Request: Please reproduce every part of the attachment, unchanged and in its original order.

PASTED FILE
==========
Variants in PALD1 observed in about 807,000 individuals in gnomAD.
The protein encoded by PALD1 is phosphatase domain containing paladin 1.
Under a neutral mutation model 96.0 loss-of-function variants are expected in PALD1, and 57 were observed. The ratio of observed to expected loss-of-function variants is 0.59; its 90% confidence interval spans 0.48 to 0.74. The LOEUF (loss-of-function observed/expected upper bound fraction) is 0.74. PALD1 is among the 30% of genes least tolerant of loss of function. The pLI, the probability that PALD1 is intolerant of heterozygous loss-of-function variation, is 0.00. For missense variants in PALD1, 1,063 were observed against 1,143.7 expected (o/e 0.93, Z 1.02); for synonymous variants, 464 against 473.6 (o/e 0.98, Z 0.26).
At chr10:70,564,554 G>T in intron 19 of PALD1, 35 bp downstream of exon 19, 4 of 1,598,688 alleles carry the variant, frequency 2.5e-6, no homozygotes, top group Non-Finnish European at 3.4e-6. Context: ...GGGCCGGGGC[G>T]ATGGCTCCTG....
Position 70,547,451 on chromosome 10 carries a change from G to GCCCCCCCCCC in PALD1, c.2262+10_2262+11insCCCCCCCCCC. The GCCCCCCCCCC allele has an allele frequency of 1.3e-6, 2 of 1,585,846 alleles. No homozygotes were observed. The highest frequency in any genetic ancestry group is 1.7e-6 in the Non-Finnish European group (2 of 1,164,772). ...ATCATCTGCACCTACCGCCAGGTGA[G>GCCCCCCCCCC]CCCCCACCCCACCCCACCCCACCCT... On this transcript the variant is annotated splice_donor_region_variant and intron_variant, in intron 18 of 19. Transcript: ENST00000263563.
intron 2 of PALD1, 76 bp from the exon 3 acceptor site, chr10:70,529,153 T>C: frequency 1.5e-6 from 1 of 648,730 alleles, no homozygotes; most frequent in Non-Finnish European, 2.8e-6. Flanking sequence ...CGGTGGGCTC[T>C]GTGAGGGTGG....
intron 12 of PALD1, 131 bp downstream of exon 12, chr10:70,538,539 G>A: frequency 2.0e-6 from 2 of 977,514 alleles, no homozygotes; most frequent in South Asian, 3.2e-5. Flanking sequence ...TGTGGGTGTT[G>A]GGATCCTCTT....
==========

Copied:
Variants in PALD1 observed in about 807,000 individuals in gnomAD.
The protein encoded by PALD1 is phosphatase domain containing paladin 1.
Under a neutral mutation model 96.0 loss-of-function variants are expected in PALD1, and 57 were observed. The ratio of observed to expected loss-of-function variants is 0.59; its 90% confidence interval spans 0.48 to 0.74. The LOEUF (loss-of-function observed/expected upper bound fraction) is 0.74. PALD1 is among the 30% of genes least tolerant of loss of function. The pLI, the probability that PALD1 is intolerant of heterozygous loss-of-function variation, is 0.00. For missense variants in PALD1, 1,063 were observed against 1,143.7 expected (o/e 0.93, Z 1.02); for synonymous variants, 464 against 473.6 (o/e 0.98, Z 0.26).
At chr10:70,564,554 G>T in intron 19 of PALD1, 35 bp downstream of exon 19, 4 of 1,598,688 alleles carry the variant, frequency 2.5e-6, no homozygotes, top group Non-Finnish European at 3.4e-6. Context: ...GGGCCGGGGC[G>T]ATGGCTCCTG....
Position 70,547,451 on chromosome 10 carries a change from G to GCCCCCCCCCC in PALD1, c.2262+10_2262+11insCCCCCCCCCC. The GCCCCCCCCCC allele has an allele frequency of 1.3e-6, 2 of 1,585,846 alleles. No homozygotes were observed. The highest frequency in any genetic ancestry group is 1.7e-6 in the Non-Finnish European group (2 of 1,164,772). ...ATCATCTGCACCTACCGCCAGGTGA[G>GCCCCCCCCCC]CCCCCACCCCACCCCACCCCACCCT... On this transcript the variant is annotated splice_donor_region_variant and intron_variant, in intron 18 of 19. Transcript: ENST00000263563.
intron 2 of PALD1, 76 bp from the exon 3 acceptor site, chr10:70,529,153 T>C: frequency 1.5e-6 from 1 of 648,730 alleles, no homozygotes; most frequent in Non-Finnish European, 2.8e-6. Flanking sequence ...CGGTGGGCTC[T>C]GTGAGGGTGG....
intron 12 of PALD1, 131 bp downstream of exon 12, chr10:70,538,539 G>A: frequency 2.0e-6 from 2 of 977,514 alleles, no homozygotes; most frequent in South Asian, 3.2e-5. Flanking sequence ...TGTGGGTGTT[G>A]GGATCCTCTT....